The regular and uniform tenor of a studious life, affords little variety for the entertainment of those who are more amused by a fucceffion of glaring incidents, which gratify idle curio-fity; than affected by a history, which might tend to enlarge the fund of useful knowledge.

It is nevertheless of more general importance to be acquainted with what, in fome degree, concerns men of every rank, than with that which can only be interefting to a few, who move in the higher ftations. It is more effential to reflect on the means by which an obfcure man made his way to fame, through the ftill paths of life, than to pry into the intrigues of minifters, or gape at the atchievements of heroes.

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Add to this, that in the histories of ftatefmen and warriors, we often admire merit which is not their own. They are often directed by thofe, whom they appear to guide. Accident likewife, has a confiderable fhare in the events, which render them celebrated. Nay, their very errors frequently, by ftrange and fortuitous occurrences, prove propitious to their fame.

But when we perufe the lives of the learned, when we admire the fentiments which adorn their pages, when we approve the moral and focial rules, by which they framed their conduct; we then pay the just tribute of applause, where alone it is due.

At the fame time it must be confeffed, that even literary reputation has fometimes been undefervedly acquired, and unjustly withheld. There are not many readers perhaps who judge for themfelves. The far greater part determine upon the authority of others, rather than from their own fentiments. Thus the partial judgment or caprice of fome fashionable and over-ruling critic, often mifleads the herd.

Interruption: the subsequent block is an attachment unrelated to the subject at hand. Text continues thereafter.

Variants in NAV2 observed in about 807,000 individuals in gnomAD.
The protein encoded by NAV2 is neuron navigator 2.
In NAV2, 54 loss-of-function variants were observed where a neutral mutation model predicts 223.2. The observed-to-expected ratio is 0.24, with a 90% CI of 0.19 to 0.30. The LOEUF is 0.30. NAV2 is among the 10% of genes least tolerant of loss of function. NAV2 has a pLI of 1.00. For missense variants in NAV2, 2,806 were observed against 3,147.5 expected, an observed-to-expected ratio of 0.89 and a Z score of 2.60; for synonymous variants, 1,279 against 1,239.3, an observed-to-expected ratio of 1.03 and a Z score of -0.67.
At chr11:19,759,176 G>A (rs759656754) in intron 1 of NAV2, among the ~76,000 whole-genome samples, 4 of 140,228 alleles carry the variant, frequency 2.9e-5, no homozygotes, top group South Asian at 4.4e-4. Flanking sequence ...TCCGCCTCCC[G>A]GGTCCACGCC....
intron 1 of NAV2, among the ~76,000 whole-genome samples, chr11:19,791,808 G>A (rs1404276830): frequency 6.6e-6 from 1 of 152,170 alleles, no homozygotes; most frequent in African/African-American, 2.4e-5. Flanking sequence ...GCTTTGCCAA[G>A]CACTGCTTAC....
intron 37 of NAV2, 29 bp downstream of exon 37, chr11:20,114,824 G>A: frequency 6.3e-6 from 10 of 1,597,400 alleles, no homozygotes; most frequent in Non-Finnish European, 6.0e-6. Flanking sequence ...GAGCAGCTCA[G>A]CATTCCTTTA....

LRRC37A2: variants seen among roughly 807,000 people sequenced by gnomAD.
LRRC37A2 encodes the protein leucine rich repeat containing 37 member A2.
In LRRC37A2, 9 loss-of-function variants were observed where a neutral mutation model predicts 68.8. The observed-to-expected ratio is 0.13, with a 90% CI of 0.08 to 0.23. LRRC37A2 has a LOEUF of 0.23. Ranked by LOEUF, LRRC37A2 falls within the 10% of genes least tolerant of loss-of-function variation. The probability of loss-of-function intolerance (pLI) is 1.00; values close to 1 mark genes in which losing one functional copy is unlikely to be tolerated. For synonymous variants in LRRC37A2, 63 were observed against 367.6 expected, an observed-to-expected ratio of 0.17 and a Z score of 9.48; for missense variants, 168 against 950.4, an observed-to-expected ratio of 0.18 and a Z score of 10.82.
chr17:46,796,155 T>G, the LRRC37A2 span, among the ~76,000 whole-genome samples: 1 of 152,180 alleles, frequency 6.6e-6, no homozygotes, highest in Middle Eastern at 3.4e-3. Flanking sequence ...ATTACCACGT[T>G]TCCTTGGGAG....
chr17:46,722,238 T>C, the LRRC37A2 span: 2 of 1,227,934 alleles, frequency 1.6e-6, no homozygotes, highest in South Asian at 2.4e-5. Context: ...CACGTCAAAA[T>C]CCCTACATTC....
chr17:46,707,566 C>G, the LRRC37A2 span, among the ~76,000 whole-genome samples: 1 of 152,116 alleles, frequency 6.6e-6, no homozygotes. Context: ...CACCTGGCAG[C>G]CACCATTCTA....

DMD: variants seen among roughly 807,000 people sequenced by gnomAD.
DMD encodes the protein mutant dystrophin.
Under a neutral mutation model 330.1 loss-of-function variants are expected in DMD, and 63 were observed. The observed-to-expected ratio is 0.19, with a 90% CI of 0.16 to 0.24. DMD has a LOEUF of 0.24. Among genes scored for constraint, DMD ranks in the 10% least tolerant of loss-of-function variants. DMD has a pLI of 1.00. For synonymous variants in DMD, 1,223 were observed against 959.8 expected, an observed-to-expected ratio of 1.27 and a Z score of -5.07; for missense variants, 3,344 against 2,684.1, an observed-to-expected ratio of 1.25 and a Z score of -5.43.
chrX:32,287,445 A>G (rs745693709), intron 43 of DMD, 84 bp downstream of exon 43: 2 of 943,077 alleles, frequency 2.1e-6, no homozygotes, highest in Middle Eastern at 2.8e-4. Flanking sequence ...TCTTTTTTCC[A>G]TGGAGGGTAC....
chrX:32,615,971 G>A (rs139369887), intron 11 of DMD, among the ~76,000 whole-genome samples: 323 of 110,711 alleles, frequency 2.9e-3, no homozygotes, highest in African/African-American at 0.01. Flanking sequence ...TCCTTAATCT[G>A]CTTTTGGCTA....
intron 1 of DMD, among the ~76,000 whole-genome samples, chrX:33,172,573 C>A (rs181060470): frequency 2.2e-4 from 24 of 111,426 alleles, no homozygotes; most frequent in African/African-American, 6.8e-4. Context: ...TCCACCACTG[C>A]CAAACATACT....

When a falfe judgment is once established, it is not cafily fubverted. They, adhere most tinacioufly to their opinions, who build them on the authority of others. Men in general are not forward to condemn, what their fathers approved. Thus error gains a kind of prefcriptive title: till fome other admired critic, to whom the throng pay implicit homage, has the

fpirit and virtue to oppose mistaken prejudice, and fet the public judgment right.

There have been fome, however, in the learned world, whofe merit ftands on fo fair and firm a bafis, as not to need the prop of partiality to support it, or to be in danger of being fhaken or undermined by prejudice or caprice.

Among the few whofe fame is thus firmly rooted, Mr. POPE ftands capitally diftinguished. Our bard, however, experienced the common fate of every man who ftarts from the crowd. Ignorance and envy waged war against his merit. So true is Moliere's obfervation

La vertu dans le monde est toujours poursuivie,
Lex envieux mouront, mais non jamais l'envie.

His towering fame however foon foared above the reach of thofe obfcure DUNCES, who would have ftopped his afpiring growth. But envy would not quit her hold; and when fhe could no longer detract from the faculties of his mind, maliciously endeavoured to arraign the virtues of his heart.

With what little juftice attempts have beenmade to depreciate either the one or the other, will be examined in the courfe of the following fheets; and as an admiration of his genius fhall not pervert the juftice of criticism, fo neither